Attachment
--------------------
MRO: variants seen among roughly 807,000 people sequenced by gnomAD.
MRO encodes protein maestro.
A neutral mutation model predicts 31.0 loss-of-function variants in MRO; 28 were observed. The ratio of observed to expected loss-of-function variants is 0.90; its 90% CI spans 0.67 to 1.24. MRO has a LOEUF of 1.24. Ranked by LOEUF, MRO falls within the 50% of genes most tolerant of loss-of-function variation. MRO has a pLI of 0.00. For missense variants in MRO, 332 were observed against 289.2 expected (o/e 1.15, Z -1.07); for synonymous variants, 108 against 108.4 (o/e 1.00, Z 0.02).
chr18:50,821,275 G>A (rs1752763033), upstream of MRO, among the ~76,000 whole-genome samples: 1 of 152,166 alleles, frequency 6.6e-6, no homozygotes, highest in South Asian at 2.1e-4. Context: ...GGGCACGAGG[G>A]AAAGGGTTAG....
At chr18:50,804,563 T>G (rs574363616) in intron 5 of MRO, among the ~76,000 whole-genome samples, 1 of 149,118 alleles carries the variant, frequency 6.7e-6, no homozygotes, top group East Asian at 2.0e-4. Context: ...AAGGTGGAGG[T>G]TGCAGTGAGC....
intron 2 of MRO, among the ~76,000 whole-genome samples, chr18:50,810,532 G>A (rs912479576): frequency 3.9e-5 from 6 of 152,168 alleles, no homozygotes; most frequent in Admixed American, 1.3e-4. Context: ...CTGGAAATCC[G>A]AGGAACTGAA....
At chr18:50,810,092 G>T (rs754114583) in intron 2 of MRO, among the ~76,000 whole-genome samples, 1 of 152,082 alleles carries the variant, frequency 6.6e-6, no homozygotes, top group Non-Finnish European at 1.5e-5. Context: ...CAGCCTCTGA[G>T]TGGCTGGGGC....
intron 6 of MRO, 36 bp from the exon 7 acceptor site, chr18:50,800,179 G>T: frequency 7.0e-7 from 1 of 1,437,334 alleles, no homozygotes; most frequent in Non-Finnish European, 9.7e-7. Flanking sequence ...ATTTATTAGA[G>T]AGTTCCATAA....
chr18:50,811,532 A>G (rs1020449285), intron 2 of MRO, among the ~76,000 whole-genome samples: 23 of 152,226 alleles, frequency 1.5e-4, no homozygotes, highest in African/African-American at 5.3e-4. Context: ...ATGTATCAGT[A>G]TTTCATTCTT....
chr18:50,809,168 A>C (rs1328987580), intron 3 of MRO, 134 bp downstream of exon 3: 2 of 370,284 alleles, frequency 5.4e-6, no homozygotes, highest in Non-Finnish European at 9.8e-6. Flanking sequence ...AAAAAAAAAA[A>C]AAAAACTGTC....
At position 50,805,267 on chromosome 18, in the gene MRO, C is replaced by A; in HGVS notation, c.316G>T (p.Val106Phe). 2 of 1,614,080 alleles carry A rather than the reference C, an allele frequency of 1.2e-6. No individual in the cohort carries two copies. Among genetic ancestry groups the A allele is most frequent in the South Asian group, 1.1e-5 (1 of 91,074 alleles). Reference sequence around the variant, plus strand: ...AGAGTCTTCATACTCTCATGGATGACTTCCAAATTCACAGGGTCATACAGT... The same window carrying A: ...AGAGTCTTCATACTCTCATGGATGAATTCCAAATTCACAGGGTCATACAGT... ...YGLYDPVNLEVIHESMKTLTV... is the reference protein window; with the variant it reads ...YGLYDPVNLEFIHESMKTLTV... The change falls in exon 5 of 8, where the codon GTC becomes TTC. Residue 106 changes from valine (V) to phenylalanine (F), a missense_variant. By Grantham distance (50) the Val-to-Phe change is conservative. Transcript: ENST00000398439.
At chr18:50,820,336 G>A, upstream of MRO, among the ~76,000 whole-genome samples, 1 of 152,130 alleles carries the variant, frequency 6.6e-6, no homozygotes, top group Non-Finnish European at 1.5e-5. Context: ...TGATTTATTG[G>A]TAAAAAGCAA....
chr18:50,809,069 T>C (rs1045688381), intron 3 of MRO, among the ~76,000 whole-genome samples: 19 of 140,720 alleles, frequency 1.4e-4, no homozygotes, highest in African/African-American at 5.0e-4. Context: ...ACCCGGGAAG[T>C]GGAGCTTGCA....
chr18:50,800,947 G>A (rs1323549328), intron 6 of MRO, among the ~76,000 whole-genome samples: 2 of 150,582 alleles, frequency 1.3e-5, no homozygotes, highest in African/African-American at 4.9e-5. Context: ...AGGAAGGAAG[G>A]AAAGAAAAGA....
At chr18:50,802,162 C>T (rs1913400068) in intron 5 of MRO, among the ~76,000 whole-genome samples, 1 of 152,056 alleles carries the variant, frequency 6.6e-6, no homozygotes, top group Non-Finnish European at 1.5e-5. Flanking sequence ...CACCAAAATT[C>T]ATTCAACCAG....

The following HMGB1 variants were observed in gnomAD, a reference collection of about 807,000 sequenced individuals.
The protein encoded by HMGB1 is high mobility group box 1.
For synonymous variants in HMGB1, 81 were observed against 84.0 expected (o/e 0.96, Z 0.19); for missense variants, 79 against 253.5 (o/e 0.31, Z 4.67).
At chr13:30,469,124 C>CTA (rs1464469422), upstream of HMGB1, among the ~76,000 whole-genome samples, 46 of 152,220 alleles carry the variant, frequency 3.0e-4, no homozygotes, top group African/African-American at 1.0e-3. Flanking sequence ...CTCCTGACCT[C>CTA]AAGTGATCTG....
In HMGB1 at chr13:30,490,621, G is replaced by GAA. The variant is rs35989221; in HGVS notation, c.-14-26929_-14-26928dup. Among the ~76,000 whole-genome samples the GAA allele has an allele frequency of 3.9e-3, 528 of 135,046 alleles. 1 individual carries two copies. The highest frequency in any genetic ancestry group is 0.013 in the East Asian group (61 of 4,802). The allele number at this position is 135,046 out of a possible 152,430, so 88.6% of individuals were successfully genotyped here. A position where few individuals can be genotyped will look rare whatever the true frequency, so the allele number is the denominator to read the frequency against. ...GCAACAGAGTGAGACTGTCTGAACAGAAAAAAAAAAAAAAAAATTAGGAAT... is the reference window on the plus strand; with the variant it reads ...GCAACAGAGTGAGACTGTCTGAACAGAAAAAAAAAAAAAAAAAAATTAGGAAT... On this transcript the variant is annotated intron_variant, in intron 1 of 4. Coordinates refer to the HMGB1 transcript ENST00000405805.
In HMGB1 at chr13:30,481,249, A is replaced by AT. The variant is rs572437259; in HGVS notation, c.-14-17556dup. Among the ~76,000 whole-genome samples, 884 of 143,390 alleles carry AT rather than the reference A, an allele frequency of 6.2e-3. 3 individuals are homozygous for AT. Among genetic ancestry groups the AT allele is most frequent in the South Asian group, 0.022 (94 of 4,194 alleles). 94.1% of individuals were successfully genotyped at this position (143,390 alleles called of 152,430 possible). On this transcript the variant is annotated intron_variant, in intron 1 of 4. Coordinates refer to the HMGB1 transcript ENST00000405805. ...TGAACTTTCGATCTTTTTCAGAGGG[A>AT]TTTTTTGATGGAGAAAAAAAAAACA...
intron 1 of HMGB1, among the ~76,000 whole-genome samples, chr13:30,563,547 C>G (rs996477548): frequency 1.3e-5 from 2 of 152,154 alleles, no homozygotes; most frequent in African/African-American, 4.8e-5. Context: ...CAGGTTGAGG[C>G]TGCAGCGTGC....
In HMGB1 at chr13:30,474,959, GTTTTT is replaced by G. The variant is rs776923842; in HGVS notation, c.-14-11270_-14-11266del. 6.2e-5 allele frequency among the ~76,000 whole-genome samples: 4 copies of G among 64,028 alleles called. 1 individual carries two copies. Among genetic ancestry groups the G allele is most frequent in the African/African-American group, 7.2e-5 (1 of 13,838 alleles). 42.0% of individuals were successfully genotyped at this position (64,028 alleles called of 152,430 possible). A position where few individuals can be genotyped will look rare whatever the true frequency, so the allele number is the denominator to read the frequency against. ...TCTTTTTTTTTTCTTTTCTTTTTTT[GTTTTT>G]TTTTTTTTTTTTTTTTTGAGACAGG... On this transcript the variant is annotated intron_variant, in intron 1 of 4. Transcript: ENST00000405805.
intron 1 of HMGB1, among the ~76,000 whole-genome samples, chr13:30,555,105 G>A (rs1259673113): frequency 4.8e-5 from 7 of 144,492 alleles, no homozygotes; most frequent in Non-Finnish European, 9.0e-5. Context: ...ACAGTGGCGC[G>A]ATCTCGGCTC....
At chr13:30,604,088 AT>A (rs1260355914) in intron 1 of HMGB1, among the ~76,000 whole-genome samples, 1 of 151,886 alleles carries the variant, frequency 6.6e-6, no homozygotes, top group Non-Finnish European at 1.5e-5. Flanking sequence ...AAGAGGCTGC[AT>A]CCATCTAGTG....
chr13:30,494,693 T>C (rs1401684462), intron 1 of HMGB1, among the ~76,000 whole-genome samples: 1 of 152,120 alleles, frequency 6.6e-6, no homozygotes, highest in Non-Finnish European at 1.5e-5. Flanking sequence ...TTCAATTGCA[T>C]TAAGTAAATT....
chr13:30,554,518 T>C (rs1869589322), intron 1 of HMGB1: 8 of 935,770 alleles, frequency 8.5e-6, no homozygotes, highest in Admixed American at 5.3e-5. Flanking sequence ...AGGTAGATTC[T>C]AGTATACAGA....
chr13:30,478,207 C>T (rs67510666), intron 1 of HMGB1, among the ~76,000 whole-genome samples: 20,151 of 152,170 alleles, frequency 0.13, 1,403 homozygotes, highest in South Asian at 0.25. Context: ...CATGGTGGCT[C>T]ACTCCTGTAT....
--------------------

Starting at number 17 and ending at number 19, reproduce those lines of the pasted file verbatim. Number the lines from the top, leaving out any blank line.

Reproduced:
The protein encoded by HMGB1 is high mobility group box 1.
For synonymous variants in HMGB1, 81 were observed against 84.0 expected (o/e 0.96, Z 0.19); for missense variants, 79 against 253.5 (o/e 0.31, Z 4.67).
At chr13:30,469,124 C>CTA (rs1464469422), upstream of HMGB1, among the ~76,000 whole-genome samples, 46 of 152,220 alleles carry the variant, frequency 3.0e-4, no homozygotes, top group African/African-American at 1.0e-3. Flanking sequence ...CTCCTGACCT[C>CTA]AAGTGATCTG....